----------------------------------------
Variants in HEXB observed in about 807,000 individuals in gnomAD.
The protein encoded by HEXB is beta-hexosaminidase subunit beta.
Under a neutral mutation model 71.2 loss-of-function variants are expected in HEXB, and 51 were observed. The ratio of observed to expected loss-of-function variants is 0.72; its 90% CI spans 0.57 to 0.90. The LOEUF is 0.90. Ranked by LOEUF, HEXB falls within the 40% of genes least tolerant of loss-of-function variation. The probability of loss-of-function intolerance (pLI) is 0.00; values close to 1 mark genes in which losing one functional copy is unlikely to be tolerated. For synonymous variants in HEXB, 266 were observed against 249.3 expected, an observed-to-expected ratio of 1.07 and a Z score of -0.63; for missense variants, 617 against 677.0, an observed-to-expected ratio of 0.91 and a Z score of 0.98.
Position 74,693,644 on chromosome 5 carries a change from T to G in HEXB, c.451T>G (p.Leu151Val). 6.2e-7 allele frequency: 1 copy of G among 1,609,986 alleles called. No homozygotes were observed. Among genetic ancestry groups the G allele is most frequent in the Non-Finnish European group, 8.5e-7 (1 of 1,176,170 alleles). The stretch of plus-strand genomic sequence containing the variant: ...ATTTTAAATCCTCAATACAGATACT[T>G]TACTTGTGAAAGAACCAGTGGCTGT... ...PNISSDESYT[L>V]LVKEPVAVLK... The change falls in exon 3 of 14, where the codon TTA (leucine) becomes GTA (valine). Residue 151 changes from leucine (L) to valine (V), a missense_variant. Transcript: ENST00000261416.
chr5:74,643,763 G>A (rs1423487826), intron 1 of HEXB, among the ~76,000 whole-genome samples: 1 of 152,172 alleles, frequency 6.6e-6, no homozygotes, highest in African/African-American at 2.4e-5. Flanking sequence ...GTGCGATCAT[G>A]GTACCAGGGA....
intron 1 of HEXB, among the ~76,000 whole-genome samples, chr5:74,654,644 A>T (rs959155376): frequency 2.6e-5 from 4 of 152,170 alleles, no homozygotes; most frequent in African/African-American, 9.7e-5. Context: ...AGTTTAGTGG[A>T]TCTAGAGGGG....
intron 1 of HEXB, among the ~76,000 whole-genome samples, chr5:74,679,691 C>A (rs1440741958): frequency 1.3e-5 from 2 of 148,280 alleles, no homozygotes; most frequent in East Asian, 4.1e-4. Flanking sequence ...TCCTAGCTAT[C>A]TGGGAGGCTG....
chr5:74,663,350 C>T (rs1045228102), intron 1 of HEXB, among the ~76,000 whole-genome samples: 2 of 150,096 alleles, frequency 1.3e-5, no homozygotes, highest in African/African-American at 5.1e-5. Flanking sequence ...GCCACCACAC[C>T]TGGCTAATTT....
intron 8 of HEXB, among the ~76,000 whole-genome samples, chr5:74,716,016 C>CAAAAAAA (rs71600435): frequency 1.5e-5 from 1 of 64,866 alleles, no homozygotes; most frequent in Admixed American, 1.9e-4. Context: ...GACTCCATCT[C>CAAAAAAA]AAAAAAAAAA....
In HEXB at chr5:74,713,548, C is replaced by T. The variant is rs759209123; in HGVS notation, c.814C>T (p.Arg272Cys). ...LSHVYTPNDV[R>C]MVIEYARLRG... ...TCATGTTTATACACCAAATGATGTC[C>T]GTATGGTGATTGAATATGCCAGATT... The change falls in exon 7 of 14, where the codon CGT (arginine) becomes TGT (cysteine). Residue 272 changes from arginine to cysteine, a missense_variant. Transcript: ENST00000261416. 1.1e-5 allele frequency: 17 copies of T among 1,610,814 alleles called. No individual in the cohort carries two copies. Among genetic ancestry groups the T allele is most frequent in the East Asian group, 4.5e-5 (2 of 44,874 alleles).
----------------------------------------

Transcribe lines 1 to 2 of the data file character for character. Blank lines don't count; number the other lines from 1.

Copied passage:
Variants in HEXB observed in about 807,000 individuals in gnomAD.
The protein encoded by HEXB is beta-hexosaminidase subunit beta.